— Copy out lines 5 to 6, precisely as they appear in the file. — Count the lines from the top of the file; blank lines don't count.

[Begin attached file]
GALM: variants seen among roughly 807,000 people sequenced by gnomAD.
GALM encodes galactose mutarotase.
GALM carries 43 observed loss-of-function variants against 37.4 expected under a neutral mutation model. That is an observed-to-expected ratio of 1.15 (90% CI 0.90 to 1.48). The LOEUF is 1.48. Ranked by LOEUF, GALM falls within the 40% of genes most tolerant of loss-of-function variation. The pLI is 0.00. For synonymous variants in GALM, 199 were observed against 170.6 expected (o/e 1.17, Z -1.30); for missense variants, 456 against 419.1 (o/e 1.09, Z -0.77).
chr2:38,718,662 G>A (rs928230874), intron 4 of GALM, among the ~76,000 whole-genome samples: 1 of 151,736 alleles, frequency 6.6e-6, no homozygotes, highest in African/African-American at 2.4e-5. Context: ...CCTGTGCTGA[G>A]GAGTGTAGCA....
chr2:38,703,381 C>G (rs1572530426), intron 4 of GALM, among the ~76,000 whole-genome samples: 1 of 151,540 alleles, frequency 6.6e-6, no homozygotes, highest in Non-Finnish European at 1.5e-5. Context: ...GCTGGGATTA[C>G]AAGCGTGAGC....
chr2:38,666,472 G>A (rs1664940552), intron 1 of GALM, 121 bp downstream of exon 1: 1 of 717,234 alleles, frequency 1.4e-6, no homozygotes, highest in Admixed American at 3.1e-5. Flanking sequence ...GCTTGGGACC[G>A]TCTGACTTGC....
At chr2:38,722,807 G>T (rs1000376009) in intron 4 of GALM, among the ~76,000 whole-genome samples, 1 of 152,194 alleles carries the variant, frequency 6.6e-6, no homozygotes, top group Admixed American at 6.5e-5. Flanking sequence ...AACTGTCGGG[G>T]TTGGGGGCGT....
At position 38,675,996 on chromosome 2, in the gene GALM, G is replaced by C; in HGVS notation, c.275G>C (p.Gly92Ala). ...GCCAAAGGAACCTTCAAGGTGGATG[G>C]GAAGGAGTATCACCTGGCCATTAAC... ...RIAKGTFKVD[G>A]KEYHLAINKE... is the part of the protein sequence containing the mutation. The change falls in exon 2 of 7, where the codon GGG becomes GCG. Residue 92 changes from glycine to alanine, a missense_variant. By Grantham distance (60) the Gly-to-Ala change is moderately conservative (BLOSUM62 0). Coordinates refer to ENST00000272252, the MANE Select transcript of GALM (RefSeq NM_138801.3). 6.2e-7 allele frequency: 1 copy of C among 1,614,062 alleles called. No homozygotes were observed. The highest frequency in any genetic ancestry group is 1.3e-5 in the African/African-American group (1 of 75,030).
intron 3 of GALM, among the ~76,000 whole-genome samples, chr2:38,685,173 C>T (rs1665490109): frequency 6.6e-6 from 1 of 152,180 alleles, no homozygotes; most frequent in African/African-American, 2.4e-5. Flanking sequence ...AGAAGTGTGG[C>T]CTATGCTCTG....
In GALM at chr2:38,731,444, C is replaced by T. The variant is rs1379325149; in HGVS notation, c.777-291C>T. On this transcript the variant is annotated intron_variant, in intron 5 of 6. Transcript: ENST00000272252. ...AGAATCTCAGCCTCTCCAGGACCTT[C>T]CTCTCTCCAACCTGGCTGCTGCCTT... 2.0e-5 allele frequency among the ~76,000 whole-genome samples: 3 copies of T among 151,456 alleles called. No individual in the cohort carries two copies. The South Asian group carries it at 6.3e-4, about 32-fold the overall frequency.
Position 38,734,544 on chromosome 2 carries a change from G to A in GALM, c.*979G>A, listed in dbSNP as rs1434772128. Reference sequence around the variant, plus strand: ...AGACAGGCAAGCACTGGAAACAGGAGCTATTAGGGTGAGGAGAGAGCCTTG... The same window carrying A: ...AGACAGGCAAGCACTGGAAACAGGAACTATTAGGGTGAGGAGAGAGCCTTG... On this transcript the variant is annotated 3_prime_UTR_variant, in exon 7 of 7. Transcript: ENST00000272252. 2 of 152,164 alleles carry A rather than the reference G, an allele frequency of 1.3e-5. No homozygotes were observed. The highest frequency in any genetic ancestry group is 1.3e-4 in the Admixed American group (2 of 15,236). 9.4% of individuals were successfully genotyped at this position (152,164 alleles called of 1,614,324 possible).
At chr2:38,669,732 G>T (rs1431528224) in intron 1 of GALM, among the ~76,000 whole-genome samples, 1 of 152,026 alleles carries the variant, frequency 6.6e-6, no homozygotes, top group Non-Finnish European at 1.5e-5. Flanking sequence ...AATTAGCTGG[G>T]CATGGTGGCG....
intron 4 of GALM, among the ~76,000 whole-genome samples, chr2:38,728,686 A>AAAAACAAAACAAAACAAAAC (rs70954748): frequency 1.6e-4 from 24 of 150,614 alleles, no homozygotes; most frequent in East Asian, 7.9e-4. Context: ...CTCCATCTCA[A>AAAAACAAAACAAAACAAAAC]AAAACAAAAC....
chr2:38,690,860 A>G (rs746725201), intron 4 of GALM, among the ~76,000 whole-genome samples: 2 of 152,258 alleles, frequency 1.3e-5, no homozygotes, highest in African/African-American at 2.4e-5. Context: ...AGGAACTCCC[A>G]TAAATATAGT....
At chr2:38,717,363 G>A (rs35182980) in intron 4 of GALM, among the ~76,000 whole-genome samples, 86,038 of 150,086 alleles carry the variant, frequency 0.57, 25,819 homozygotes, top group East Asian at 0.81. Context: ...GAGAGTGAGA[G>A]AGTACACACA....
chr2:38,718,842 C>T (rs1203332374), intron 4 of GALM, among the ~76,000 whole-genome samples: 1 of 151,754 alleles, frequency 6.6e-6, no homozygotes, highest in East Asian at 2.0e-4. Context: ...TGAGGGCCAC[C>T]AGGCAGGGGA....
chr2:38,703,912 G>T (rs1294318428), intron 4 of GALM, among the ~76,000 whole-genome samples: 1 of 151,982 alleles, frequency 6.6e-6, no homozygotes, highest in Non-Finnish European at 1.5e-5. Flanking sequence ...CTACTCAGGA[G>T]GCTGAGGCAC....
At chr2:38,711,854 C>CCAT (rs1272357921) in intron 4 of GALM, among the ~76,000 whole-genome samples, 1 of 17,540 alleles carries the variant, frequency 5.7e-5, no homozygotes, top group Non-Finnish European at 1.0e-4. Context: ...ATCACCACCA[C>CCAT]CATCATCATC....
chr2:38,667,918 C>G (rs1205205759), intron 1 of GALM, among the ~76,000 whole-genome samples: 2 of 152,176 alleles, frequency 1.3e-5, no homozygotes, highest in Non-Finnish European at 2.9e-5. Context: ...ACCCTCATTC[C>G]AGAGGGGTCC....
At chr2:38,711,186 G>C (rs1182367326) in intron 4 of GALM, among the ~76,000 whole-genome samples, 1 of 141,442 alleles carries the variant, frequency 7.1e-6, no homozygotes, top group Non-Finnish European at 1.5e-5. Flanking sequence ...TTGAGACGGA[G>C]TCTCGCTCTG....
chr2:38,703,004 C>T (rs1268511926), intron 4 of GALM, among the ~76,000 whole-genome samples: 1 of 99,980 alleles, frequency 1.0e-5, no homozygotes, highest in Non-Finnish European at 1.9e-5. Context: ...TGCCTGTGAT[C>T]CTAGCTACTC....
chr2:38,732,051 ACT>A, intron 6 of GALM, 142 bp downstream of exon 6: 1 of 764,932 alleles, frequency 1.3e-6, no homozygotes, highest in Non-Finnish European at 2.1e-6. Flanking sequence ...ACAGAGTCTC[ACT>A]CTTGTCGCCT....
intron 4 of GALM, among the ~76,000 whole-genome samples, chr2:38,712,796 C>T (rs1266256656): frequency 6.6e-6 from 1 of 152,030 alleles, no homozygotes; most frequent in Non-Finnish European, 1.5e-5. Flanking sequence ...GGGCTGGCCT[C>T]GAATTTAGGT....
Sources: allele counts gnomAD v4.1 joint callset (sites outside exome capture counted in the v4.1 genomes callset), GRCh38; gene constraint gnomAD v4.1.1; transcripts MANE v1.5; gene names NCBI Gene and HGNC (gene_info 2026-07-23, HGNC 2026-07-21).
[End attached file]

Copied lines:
chr2:38,703,381 C>G (rs1572530426), intron 4 of GALM, among the ~76,000 whole-genome samples: 1 of 151,540 alleles, frequency 6.6e-6, no homozygotes, highest in Non-Finnish European at 1.5e-5. Context: ...GCTGGGATTA[C>G]AAGCGTGAGC....
chr2:38,666,472 G>A (rs1664940552), intron 1 of GALM, 121 bp downstream of exon 1: 1 of 717,234 alleles, frequency 1.4e-6, no homozygotes, highest in Admixed American at 3.1e-5. Flanking sequence ...GCTTGGGACC[G>A]TCTGACTTGC....